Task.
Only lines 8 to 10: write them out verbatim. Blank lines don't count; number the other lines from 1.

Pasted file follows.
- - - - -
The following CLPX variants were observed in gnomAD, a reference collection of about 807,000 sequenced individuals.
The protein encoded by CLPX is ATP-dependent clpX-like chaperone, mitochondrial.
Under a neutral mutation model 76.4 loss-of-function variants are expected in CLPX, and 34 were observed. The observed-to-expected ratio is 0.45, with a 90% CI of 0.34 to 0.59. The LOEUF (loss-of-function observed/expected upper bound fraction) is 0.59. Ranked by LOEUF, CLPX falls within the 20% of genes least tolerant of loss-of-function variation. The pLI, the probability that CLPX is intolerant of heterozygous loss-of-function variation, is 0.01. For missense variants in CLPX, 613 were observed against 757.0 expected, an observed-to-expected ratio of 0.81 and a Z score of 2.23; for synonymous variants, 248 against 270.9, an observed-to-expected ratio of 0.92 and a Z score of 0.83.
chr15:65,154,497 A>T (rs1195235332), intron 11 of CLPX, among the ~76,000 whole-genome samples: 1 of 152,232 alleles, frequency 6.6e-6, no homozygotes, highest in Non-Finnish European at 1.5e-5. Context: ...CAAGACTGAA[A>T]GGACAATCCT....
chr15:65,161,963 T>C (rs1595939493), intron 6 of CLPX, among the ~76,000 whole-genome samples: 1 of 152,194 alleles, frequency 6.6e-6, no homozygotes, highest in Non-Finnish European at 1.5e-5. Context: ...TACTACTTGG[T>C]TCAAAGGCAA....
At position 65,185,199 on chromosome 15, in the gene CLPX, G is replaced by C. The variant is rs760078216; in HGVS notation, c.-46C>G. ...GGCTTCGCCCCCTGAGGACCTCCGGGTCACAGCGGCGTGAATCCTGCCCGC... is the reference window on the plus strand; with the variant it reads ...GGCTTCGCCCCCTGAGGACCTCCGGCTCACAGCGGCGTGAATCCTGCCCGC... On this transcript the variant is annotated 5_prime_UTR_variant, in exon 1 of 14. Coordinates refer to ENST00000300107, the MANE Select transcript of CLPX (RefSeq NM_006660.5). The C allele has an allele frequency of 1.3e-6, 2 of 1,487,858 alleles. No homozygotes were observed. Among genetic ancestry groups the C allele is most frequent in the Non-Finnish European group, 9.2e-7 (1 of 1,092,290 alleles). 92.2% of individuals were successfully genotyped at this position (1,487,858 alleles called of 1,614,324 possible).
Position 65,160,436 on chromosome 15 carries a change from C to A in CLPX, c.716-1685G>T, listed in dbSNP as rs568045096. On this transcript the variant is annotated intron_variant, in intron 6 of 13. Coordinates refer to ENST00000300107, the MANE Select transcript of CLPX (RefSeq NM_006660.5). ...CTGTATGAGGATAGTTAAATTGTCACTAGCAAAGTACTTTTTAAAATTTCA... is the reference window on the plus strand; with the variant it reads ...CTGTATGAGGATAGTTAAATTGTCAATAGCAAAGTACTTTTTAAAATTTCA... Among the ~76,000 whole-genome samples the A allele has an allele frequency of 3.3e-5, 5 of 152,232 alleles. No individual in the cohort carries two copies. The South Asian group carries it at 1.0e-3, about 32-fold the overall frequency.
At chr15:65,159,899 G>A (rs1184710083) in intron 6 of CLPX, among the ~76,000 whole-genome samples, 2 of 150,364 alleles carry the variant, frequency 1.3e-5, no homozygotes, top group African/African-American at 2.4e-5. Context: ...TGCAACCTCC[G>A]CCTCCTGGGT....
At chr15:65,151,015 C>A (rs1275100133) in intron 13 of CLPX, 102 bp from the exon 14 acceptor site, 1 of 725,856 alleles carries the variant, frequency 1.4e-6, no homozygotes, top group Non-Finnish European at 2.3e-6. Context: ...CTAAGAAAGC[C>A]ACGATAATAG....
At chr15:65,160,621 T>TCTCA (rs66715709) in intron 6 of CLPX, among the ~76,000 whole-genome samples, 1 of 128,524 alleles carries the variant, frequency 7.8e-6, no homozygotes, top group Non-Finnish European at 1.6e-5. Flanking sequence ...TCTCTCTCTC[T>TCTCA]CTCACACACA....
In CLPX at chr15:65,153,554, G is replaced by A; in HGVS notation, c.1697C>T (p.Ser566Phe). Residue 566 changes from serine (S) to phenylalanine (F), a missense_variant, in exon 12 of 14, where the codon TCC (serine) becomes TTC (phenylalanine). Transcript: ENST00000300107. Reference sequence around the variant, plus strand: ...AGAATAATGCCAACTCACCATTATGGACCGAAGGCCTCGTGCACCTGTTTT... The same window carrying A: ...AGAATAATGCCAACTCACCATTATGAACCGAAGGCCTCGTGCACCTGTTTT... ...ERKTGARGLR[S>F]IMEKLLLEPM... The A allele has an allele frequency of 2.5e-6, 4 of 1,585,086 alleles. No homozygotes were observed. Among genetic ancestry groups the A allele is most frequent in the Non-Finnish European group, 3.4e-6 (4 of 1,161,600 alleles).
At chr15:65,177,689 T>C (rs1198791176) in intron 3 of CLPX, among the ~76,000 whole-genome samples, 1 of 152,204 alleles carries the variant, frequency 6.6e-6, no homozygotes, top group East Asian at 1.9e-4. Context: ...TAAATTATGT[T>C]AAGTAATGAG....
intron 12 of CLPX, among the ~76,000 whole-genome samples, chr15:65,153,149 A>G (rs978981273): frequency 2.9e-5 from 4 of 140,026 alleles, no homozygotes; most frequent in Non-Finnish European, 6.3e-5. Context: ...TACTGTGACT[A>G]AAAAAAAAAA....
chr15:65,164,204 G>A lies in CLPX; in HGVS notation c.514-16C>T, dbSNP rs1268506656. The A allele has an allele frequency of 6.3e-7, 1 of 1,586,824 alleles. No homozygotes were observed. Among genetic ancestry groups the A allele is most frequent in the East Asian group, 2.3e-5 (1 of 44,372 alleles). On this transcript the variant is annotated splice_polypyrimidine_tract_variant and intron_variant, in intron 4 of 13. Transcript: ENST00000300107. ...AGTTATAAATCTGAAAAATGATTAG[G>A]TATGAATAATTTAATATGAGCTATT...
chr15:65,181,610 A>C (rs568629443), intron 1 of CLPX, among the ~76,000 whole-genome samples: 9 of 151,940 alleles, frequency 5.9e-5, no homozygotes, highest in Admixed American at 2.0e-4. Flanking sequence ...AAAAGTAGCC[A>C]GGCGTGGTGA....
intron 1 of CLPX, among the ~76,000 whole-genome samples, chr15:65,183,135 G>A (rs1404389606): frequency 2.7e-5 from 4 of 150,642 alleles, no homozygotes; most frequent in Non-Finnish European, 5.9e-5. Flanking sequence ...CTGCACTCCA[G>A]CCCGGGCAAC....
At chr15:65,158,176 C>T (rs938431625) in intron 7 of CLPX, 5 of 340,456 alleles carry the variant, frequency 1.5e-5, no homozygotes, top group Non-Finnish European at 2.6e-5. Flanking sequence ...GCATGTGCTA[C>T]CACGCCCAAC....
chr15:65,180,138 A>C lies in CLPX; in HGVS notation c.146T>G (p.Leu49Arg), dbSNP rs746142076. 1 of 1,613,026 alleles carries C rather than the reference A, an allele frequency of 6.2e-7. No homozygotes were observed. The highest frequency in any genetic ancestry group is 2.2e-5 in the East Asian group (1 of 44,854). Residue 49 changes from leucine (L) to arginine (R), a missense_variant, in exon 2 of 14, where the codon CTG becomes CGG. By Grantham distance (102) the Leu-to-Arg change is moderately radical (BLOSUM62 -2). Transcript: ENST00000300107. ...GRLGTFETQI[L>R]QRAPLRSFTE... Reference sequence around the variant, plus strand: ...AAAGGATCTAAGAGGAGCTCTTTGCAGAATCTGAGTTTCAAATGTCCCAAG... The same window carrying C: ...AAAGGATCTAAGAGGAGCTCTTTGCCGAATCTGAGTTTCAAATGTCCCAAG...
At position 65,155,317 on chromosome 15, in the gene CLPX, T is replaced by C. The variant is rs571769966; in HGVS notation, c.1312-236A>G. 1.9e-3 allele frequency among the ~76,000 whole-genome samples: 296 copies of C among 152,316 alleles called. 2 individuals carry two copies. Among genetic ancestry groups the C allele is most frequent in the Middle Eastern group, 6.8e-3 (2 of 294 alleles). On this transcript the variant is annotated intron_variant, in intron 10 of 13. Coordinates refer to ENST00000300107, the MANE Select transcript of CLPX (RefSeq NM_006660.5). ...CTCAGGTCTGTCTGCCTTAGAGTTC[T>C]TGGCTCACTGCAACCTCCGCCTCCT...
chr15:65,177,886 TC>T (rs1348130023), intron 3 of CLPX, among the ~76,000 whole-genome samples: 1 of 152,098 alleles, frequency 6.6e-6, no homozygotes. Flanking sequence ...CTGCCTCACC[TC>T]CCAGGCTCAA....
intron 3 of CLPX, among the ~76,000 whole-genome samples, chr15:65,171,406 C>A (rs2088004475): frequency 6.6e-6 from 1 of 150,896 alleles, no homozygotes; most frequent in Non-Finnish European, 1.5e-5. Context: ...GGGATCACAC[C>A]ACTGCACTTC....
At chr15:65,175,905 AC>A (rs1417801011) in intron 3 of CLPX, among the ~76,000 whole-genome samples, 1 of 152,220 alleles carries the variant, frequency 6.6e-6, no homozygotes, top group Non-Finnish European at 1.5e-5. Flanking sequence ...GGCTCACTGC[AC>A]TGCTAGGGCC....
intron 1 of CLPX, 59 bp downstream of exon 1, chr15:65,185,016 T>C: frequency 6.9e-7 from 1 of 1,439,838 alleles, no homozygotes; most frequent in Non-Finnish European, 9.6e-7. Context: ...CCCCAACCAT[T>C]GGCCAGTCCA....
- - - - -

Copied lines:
At chr15:65,159,899 G>A (rs1184710083) in intron 6 of CLPX, among the ~76,000 whole-genome samples, 2 of 150,364 alleles carry the variant, frequency 1.3e-5, no homozygotes, top group African/African-American at 2.4e-5. Context: ...TGCAACCTCC[G>A]CCTCCTGGGT....
At chr15:65,151,015 C>A (rs1275100133) in intron 13 of CLPX, 102 bp from the exon 14 acceptor site, 1 of 725,856 alleles carries the variant, frequency 1.4e-6, no homozygotes, top group Non-Finnish European at 2.3e-6. Context: ...CTAAGAAAGC[C>A]ACGATAATAG....
At chr15:65,160,621 T>TCTCA (rs66715709) in intron 6 of CLPX, among the ~76,000 whole-genome samples, 1 of 128,524 alleles carries the variant, frequency 7.8e-6, no homozygotes, top group Non-Finnish European at 1.6e-5. Flanking sequence ...TCTCTCTCTC[T>TCTCA]CTCACACACA....